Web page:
Earnings for hotel real estate investment trusts nosedived in the second quarter as revenue-per-available room and occupancy metrics fell to record lows amid the coronavirus pandemic.
Industry executives said it was the worst quarter for hotels in history, adding that they hoped it would be the worst of the year. Equity investors appeared to be betting the quarter would be the low point, as shares rallied in August.
An S&P Global Market Intelligence analysis of hotel REIT earnings showed a sharp decline in operating funds from operations per share, with all but one of the hotel REITs reporting negative earnings for the quarter. For the purpose of the analysis, operating FFO was defined as FFO adjusted for extraordinary items or other nonrecurring items at the discretion of the company. Companies sometimes refer to the metric as normalized FFO or adjusted FFO.
Recurring EBITDA as calculated by S&P Global Market Intelligence followed a similar trend, with most hotel REITs deep in the red.
The quarter "was clearly the most challenging in the history of the hotel business," Pebblebrook Hotel Trust CFO Raymond Martz said in a July 31 earnings conference call.
"These are unprecedented times," Chairman and CEO Jon Bortz added. "Travel demand has never before been effectively eliminated at the same time, all around the world."
Host Hotels & Resorts Inc., the largest hotel REIT by market capitalization, reported FFO of negative 26 cents per share, compared to 23 cents per share in the first quarter of 2020 and 53 cents per share for the second quarter of 2019. Nearly all hotel REITs reported similar results, including Apple Hospitality REIT Inc., which posted modified FFO of negative 11 cents per share, and Park Hotels & Resorts Inc. and Ryman Hospitality Properties Inc., which reported adjusted FFO of negative 75 cents and negative $1.65 per share, respectively.
Service Properties Trust was the only hotel REIT to post positive FFO in the quarter, supported by its portfolio of net lease service-oriented retail properties. While its hotel operating revenue fell to roughly $117.4 million during the second quarter from $541.2 million a year earlier, its rental income for its net lease portfolio grew 51.4% year over year to $95.5 million.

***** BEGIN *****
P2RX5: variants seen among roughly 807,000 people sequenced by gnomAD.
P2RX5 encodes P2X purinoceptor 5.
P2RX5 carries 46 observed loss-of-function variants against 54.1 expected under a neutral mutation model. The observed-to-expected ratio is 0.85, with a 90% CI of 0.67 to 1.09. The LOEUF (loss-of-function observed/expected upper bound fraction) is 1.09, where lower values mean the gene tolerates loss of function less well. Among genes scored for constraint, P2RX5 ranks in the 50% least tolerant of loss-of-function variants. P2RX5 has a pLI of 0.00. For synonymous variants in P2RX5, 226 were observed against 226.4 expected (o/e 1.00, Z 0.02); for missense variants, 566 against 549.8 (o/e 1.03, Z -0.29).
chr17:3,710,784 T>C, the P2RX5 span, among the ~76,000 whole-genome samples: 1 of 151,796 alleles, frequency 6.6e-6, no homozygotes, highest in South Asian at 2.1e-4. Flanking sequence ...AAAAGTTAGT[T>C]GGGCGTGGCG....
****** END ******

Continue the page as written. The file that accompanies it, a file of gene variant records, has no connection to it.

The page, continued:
The drop in earnings coincided with record-low RevPAR and occupancy rates. Same-store RevPAR for the hotel REITs fell 88% year over year on a median basis in the second quarter, while same-store occupancy fell to 59.1% on a median basis in the first quarter, then to a low of 14.8% in the second quarter.
During earnings calls, executives at Pebblebrook and RLJ Lodging Trust said April marked the low point of traveler demand during the pandemic, with improvements driven by leisure travelers in May and June.
More recent data reported by STR shows conditions improved in the third quarter, with hotel performance declines slimmer, on a year-over-year basis, than earlier in the crisis. For the week ended Aug. 29, STR reported hotel occupancy of 48.2%, while RevPAR was down 44.5% year over year to $47.38. Meanwhile, the average daily rate fell 23.2% year over year to $98.39.
"We continue to believe that any form of recovery will likely be slow to build," RLJ President and CEO Leslie Hale said, predicting that business travel will be "very limited and anemic" for the remainder of 2020, while leisure travel will taper off with the end of summer.
DiamondRock Hospitality Company President and CEO Mark Brugger said in an Aug. 7 call that uncertainty around travel is likely to persist until there is an effective coronavirus vaccine, improved patient outcomes, or broad acceptance of safety protocols.
Investors may believe the worst is over: The SNL U.S. REIT Hotel index is up 13.2% since July-end, while the SNL U.S. REOC Hotel index rose 18.7%, compared to a 2.1% increase for the S&P 500 during the same time period and a 1.4% drop for the SNL U.S. REIT Equity index.